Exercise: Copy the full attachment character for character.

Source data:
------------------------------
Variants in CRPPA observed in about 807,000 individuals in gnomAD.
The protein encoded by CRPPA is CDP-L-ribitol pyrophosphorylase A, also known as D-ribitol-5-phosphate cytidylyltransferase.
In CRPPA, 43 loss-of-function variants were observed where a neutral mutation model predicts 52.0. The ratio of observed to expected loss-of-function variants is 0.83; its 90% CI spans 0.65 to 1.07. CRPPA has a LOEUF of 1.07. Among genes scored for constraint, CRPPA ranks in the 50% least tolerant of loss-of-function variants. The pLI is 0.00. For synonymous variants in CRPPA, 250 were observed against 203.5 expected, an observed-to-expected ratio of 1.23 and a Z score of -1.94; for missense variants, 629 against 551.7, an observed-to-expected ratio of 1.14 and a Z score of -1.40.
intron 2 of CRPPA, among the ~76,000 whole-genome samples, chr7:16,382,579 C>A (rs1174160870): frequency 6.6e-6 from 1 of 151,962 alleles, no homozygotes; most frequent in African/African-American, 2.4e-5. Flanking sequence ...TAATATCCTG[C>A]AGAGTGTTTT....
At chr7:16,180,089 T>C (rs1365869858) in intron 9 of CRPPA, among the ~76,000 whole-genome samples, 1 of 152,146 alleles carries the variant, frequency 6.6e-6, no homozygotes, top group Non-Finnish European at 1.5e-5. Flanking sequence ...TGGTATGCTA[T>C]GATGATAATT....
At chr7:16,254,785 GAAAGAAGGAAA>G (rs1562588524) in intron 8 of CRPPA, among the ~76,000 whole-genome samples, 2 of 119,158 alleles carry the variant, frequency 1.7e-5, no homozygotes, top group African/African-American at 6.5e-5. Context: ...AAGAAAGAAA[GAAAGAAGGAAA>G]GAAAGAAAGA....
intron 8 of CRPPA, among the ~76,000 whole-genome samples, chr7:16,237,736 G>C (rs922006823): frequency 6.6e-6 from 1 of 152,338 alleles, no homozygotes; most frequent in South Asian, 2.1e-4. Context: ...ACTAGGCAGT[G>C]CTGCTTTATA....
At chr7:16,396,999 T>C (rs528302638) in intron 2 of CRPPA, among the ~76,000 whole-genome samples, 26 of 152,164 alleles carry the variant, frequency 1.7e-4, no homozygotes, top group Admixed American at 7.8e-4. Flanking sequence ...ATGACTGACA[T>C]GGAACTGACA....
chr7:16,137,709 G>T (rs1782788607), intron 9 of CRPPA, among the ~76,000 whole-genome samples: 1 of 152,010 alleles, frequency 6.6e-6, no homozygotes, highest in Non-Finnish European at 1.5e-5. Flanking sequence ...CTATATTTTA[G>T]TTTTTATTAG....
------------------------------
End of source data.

Variants in CRPPA observed in about 807,000 individuals in gnomAD.
The protein encoded by CRPPA is CDP-L-ribitol pyrophosphorylase A, also known as D-ribitol-5-phosphate cytidylyltransferase.
In CRPPA, 43 loss-of-function variants were observed where a neutral mutation model predicts 52.0. The ratio of observed to expected loss-of-function variants is 0.83; its 90% CI spans 0.65 to 1.07. CRPPA has a LOEUF of 1.07. Among genes scored for constraint, CRPPA ranks in the 50% least tolerant of loss-of-function variants. The pLI is 0.00. For synonymous variants in CRPPA, 250 were observed against 203.5 expected, an observed-to-expected ratio of 1.23 and a Z score of -1.94; for missense variants, 629 against 551.7, an observed-to-expected ratio of 1.14 and a Z score of -1.40.
intron 2 of CRPPA, among the ~76,000 whole-genome samples, chr7:16,382,579 C>A (rs1174160870): frequency 6.6e-6 from 1 of 151,962 alleles, no homozygotes; most frequent in African/African-American, 2.4e-5. Flanking sequence ...TAATATCCTG[C>A]AGAGTGTTTT....
At chr7:16,180,089 T>C (rs1365869858) in intron 9 of CRPPA, among the ~76,000 whole-genome samples, 1 of 152,146 alleles carries the variant, frequency 6.6e-6, no homozygotes, top group Non-Finnish European at 1.5e-5. Flanking sequence ...TGGTATGCTA[T>C]GATGATAATT....
At chr7:16,254,785 GAAAGAAGGAAA>G (rs1562588524) in intron 8 of CRPPA, among the ~76,000 whole-genome samples, 2 of 119,158 alleles carry the variant, frequency 1.7e-5, no homozygotes, top group African/African-American at 6.5e-5. Context: ...AAGAAAGAAA[GAAAGAAGGAAA>G]GAAAGAAAGA....
intron 8 of CRPPA, among the ~76,000 whole-genome samples, chr7:16,237,736 G>C (rs922006823): frequency 6.6e-6 from 1 of 152,338 alleles, no homozygotes; most frequent in South Asian, 2.1e-4. Context: ...ACTAGGCAGT[G>C]CTGCTTTATA....
At chr7:16,396,999 T>C (rs528302638) in intron 2 of CRPPA, among the ~76,000 whole-genome samples, 26 of 152,164 alleles carry the variant, frequency 1.7e-4, no homozygotes, top group Admixed American at 7.8e-4. Flanking sequence ...ATGACTGACA[T>C]GGAACTGACA....
chr7:16,137,709 G>T (rs1782788607), intron 9 of CRPPA, among the ~76,000 whole-genome samples: 1 of 152,010 alleles, frequency 6.6e-6, no homozygotes, highest in Non-Finnish European at 1.5e-5. Flanking sequence ...CTATATTTTA[G>T]TTTTTATTAG....